Posts Tagged ‘American culture’


Why do we care about gay marriage?

May 2, 2010

by Sarah Michele Ford

The gay marriage debate casts a light on a wide variety of issues that are relevant to the sociology student.

Fundamentally, this is a debate about our values, about the role of religion and government in our society, and about definitions of family.  Where you come down on the question of gay marriage depends on how you look at each of these issues.

  • Proponents of gay marriage frame the issue in terms of equal rights.  They argue that to exclude gay couples from the legal benefits of marriage is a violation of civil rights; they argue that allowing religious groups to control what couples may or may not get married violates the separation of church and state.
  • Opponents of gay marriage frame the issue in terms of religion and traditional family structures.  They argue that within Judeo-Christian tradition, homosexuality is a sin and marriage is defined as a union between one man and one woman.  Some also add that marriage is the creation of a family and that a family means parents and their children; since it is biologically impossible for a gay couple to have children (that get their genetic material from those two parents) there’s no reason for them to get married.

And therein lies the challenge.  Gay marriage exposes the seams in our society, seams around what constitutes a family and who gets to decide on that definition; seams around the importance of equality and around the role of religion in American culture.  All of these conflicts revolve around things that many people hold so dear, it’s no wonder this has become such a divisive issue.

Can the gay marriage debate be resolved in a way that’s satisfying to everyone?  Or does one of these sides have to lose the fight?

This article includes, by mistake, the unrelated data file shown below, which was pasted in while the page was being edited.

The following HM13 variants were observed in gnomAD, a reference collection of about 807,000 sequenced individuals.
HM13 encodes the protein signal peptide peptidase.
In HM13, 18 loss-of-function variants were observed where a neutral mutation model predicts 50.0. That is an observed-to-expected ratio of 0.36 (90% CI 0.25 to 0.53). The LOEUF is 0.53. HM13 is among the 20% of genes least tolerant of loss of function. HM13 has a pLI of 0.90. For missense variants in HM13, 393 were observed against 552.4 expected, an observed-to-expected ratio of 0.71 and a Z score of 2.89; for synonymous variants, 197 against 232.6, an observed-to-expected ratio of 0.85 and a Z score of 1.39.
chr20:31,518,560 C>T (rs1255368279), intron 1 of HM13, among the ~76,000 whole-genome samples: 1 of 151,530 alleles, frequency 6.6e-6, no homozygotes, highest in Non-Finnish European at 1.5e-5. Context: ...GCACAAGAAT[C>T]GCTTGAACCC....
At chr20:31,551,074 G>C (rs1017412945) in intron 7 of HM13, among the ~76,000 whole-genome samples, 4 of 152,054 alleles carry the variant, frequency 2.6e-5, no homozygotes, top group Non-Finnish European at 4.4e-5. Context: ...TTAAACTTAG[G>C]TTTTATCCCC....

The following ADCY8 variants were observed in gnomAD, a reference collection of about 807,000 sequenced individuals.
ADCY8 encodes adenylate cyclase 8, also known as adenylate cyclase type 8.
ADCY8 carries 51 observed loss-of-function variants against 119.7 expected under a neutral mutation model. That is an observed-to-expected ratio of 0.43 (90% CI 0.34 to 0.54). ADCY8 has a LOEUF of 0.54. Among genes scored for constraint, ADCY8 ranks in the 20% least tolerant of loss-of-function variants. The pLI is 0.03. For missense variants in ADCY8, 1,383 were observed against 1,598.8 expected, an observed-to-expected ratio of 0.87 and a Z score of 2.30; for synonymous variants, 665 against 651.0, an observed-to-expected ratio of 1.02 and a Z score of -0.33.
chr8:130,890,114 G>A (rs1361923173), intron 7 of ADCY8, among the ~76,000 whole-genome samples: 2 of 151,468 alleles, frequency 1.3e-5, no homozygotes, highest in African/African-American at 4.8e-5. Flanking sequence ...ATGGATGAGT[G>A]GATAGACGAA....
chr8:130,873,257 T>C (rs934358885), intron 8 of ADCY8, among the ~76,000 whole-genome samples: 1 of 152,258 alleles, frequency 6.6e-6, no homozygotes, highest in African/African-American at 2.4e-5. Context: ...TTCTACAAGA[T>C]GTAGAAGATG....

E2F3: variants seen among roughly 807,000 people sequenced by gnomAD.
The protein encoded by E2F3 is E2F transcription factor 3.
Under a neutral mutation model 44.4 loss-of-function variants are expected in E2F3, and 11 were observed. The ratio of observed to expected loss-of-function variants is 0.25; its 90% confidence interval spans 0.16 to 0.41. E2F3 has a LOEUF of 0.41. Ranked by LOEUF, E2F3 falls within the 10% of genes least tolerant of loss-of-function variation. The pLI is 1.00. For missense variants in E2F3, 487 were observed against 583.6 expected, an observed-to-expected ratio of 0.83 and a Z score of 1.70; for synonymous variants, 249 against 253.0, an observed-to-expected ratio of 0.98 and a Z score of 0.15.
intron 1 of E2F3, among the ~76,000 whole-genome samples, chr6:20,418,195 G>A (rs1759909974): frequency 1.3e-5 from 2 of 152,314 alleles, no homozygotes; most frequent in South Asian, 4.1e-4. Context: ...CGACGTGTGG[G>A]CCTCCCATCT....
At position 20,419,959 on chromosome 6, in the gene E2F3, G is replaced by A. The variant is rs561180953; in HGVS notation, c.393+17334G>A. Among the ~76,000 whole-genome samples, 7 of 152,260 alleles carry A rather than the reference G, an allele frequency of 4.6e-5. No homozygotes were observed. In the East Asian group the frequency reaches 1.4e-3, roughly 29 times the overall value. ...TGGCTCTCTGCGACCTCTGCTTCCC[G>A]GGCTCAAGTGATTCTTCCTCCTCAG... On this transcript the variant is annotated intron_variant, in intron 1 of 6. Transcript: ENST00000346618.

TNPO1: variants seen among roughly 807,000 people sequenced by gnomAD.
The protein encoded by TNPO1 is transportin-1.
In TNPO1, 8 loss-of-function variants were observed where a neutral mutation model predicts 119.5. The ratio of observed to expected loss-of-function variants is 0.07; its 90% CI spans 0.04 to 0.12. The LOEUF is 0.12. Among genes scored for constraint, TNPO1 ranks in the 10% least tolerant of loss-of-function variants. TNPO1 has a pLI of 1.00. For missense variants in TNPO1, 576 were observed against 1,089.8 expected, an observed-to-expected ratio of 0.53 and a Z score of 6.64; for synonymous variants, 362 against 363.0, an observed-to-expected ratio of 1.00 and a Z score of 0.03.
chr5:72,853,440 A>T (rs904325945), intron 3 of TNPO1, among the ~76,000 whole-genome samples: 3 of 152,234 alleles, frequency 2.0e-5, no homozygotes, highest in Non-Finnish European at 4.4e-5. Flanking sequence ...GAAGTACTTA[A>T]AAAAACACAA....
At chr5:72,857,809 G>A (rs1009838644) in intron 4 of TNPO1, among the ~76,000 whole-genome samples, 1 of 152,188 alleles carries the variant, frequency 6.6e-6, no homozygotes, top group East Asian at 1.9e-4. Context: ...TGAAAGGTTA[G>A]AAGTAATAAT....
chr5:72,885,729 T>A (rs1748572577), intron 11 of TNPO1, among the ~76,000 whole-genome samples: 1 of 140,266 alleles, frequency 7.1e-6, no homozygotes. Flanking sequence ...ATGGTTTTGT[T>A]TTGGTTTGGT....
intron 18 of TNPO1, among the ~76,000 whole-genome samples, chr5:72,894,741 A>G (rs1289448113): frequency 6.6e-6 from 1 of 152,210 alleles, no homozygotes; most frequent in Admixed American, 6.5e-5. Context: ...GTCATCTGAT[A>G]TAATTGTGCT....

Sociology of Lifestyle

March 20, 2010

Posted by: Chad M. Gesser

Twitter:  @profgesser


I’ve been fortunate to be involved locally in the performing arts heavily since 2005.  After all, Sociologists do make great “role models”. 😉

Just a few weeks ago the child friendly touring production of Beauty and the Beast was performing at our local performing arts center.  I was prepared to take my two young daughters to see the show, until I found out the cost for four was going to exceed $165.  Beauty and the Beast is fantastic show, I was lucky to see it in New York City about ten years ago.  But $165?  Was that type of cost really worth the show?

While the facility is one of the nicest in western Kentucky, perhaps these types of productions aren’t the most accessible for those in the middle or the lower end of the socioeconomic ladder.

In fact, there are many lifestyle patterns that can be determined by examining social class.  Take a look at this breakout of obesity by state.  Do you see any pattern? (click the pic to enlarge)

Now take a look at this national map of poverty.  See any additional patterns? (click the pic to enlarge)

Is there a connection between obesity and poverty?  A connection between obesity, poverty, and geography?  Sociologists are trained to look for patterns in explaining society and human behavior.  Considering lifestyle and entertainment, sociologists identify high culture and popular culture.  Do you think social class is a predictor of types of entertainment that people prefer?  Are there some types of entertainment that are generally exclusive to the upper class?  What types of entertainment do members of the lower social classes engage?  Are there patterns?  Why?


For the love…of consumerism

February 15, 2010

Posted by: Chad M. Gesser

Twitter: @profgesser


Happy belated Valentine’s Day!!!!

….wait, humor me for a minute.  Would you rather celebrate a holiday for its meaning or are you moved by the overload of consumerism that surrounds our holidays?

Don’t get me wrong, I like to celebrate events, holidays, birthdays, just about anything.  But I have found that the consumerism in my environment, the availability of too much “stuff”, has gotten to be so much of an overload that I’m turned off from celebrating.  That’s a difficult thing for me to consider, because I try to focus on the intent of events (why the celebration is occurring).
That picture above is not an example of overload in and of itself.  But let me clarify something: that is a picture I took at my local grocery store on New Year’s Day.  Doing some last minute shopping on Valentine’s Day a friend I ran into nearly purchased an Easter gift for Valentine’s Day: the marketing and promotions from Easter goodies had mixed in with the Valentine’s Day goodies.  Valentine’s Day on January 1?  Easter on Valentine’s Day? Do I need to mention when Christmas decorations and Christmas merchandise starts to appear?